AS complaints about fish farms go some might say those responsible are away with the fairies.

But a group has claimed that the protection of the magical aquatic creatures was a valid reason for opposing plans for a new fish farm on the Isle of Skye.

And Highland Council planners have now blocked the 12 cage Organic Sea Harvest salmon farm.

A group calling themselves the Flodigarry Fairies warned the Asrai - which they say have been in the waters off the Isle of Skye, Scotland for over 1,000 years - could die.

They say the sprites are in “fear for their lives” claiming the cages could draw the fairies to the surface and they would melt, in opposing the farm off Skye’s north coast.

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And they even warned that workers could be put in danger as the mischievous water spirits “lure them with promises of gold and jewels into the deepest part of the ocean”.


Images of the plans were submitted to the council

According to folklore the asrai is a type of aquatic fairy that lives in seas, lakes and lochs and is similar to the mermaid and nixie. They are sometimes described as timid and shy, standing between two and four feet tall, or may be depicted as tall and lithe.

Their oldest known appearance in print was the poem The Asrai by the Scottish poet, novelist and dramatist. Robert Williams Buchanan, first published in April 1872, and followed by a sequel A Changeling: A Legend of the Moonlight.

Buchanan described them as nature-loving spirits who could not bear sunlight and must stay underwater.

Signed “on behalf of the Flodigarry Fairies” by Friends of the Eilean Fhlòdaigearraidh Faeries, the letter said the Ashrai have been there for more than 1,000 years and begged Highland Council to refuse plans.

The letter said: "Ashrai live for hundreds of years and will come up to the surface of the water once each century to bathe in the moonlight which they use to help them grow.

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"It is proven that the steel of the fish farm cages draws many Ashrai to the surface, with only one result: They melt."

It also warns that male fishermen working on the farm may be in danger as the fairies "will attempt to lure him with promises of gold and jewels into the deepest part of the ocean to drown or simply to trick him."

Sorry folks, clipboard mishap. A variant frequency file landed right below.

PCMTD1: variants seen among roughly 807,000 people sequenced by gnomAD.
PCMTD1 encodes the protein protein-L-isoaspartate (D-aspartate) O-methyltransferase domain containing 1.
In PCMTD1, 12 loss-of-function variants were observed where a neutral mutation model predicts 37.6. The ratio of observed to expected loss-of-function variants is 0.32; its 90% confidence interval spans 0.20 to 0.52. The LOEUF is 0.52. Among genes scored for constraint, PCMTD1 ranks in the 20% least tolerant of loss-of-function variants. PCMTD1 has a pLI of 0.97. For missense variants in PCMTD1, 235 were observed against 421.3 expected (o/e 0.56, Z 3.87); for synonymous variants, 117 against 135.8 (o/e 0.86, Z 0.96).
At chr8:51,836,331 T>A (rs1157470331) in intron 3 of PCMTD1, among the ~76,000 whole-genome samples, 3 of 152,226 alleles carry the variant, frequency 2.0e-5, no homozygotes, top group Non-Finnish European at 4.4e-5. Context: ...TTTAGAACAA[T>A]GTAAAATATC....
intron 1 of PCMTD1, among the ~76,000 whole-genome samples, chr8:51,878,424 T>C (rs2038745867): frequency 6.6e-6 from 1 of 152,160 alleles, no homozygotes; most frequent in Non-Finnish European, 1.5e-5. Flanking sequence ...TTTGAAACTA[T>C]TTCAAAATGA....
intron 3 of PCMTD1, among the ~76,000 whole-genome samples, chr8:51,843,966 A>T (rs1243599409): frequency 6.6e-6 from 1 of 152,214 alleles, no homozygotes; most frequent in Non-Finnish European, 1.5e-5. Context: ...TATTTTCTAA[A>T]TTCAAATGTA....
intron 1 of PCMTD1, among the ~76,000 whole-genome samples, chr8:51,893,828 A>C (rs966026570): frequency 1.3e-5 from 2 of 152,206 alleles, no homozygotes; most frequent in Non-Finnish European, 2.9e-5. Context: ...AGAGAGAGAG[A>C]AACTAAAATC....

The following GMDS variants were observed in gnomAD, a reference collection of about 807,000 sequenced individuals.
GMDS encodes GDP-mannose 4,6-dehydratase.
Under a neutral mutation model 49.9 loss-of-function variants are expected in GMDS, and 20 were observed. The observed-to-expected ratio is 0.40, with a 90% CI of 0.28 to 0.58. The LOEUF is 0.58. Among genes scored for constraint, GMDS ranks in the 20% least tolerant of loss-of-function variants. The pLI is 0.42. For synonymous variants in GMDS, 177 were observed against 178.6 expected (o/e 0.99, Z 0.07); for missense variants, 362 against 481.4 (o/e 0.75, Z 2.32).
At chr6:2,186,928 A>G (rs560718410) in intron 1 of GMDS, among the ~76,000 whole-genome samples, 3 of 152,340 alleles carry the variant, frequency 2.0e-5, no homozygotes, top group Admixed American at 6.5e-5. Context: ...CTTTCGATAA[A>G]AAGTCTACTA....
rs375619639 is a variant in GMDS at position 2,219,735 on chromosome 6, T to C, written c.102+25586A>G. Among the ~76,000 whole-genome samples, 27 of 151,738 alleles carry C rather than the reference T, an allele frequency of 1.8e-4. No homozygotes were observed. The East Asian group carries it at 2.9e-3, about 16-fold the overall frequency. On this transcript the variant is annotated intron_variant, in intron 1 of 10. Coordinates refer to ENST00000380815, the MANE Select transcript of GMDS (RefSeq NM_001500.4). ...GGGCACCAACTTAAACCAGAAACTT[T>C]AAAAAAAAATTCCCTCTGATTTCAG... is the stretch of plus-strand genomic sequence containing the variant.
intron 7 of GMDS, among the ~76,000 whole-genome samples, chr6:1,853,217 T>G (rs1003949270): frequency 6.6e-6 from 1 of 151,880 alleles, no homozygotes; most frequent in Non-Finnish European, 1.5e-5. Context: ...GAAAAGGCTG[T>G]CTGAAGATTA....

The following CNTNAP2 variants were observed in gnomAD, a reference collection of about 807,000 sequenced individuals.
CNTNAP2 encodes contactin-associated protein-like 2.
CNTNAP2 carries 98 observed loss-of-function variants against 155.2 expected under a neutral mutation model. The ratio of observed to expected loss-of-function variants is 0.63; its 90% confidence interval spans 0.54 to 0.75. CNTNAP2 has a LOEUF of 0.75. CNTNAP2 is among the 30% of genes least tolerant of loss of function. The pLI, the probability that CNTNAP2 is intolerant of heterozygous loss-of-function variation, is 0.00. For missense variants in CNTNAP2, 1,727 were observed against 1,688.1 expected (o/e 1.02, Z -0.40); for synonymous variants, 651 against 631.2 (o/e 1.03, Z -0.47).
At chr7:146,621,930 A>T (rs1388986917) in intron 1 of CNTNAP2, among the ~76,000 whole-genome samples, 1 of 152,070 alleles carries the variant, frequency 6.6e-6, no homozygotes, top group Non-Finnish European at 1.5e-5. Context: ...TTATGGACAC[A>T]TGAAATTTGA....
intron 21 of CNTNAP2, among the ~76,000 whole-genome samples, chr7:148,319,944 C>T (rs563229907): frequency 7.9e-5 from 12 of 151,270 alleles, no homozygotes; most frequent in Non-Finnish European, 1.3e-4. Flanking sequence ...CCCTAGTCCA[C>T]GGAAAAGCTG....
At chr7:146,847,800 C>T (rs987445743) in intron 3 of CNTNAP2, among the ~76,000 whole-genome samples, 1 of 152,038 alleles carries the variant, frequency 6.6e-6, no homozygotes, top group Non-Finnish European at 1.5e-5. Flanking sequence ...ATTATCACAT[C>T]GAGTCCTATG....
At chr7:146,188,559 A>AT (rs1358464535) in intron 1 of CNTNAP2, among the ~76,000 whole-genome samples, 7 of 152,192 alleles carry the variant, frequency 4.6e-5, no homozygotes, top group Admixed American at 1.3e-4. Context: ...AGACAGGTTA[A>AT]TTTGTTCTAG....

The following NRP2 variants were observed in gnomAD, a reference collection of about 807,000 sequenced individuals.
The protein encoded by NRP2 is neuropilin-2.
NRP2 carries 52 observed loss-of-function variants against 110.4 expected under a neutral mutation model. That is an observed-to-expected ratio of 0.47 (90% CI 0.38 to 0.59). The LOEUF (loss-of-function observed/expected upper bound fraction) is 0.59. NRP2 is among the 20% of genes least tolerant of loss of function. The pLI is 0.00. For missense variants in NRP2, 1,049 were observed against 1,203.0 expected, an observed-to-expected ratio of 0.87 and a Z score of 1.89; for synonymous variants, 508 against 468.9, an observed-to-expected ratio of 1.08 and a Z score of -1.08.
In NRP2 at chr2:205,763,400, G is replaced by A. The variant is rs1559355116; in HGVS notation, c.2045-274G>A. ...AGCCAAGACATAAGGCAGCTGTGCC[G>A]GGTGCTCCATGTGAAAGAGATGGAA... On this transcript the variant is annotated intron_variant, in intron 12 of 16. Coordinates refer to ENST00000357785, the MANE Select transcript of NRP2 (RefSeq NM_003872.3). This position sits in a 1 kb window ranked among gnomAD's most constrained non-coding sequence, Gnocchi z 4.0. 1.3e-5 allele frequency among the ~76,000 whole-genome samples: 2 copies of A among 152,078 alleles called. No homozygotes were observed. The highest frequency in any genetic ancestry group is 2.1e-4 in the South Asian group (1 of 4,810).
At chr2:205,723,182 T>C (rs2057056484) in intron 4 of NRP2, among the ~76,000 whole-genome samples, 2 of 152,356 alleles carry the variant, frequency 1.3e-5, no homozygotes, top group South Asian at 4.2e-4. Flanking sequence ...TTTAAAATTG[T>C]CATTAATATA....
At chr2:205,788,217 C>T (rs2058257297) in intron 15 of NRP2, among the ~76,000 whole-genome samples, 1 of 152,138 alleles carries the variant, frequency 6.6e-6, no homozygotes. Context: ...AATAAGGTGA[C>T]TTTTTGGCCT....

The letter also claims that seals which are living on the island are actually roanes, water elementals or mermen who take the form of seals - which could be in danger of being shot by salmon farmers.

Also mentioned are “magical misty” Skye’s links, including its Fairy Pools, Dunvegan Castle’s Fairy Flag and the Fairy Bridge.

Meanwhile, they also claim water spirits - called the Blue Men of the Minch - and water birds called broobries may also be in danger.

They also believe that the Blue Men of the Minch “will protect their gentler Flodigarry neighbours against any fish farm as they were there already in the beginning of time and they have always done so”.

It goes on: "The Blue Men of the Minch have predicted that there could be some severe stormy weather in the future but declined to explain further at this stage."

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But the objection has not been taken too seriously by Highland Council with some observers believing it is all just one big fairy story.


A council source said: "The fairies are not mentioned in the motion. Not mentioned as part of the debate. Not listed as an objector or mentioned in the report."

On a more serious note, complaints were lodged on the impact on local fishing and the fact that it could destroy the local area.

A joint objection from the Scottish Fishermen Federation, Scottish White Fish Producers Association and the Mallaig and North West Fishermen's Association said the worry remains for the "safety" of local fishermen. They also raised concerns about chemicals used in the salmon farming industry.

"Fishermen lose more and more grounds to fish farms," the group say. Fishermen can no longer fish these areas, which leads to more dangerous situations as they cannot take shelter in these safe spots anymore.

"Smaller vessels are often family-businesses. Being forced out of another area will cause loss of income and possibly fishermen going out of business."

Scottish National Heritage, meanwhile, said that the farm would have an impact on the coast nearby but it was for the council to decide whether any environmental effect would impact on local policies.

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Councillors on Highland Council refused the controversial proposals after a six hour debate.

Organic Sea Harvest were approached for comment.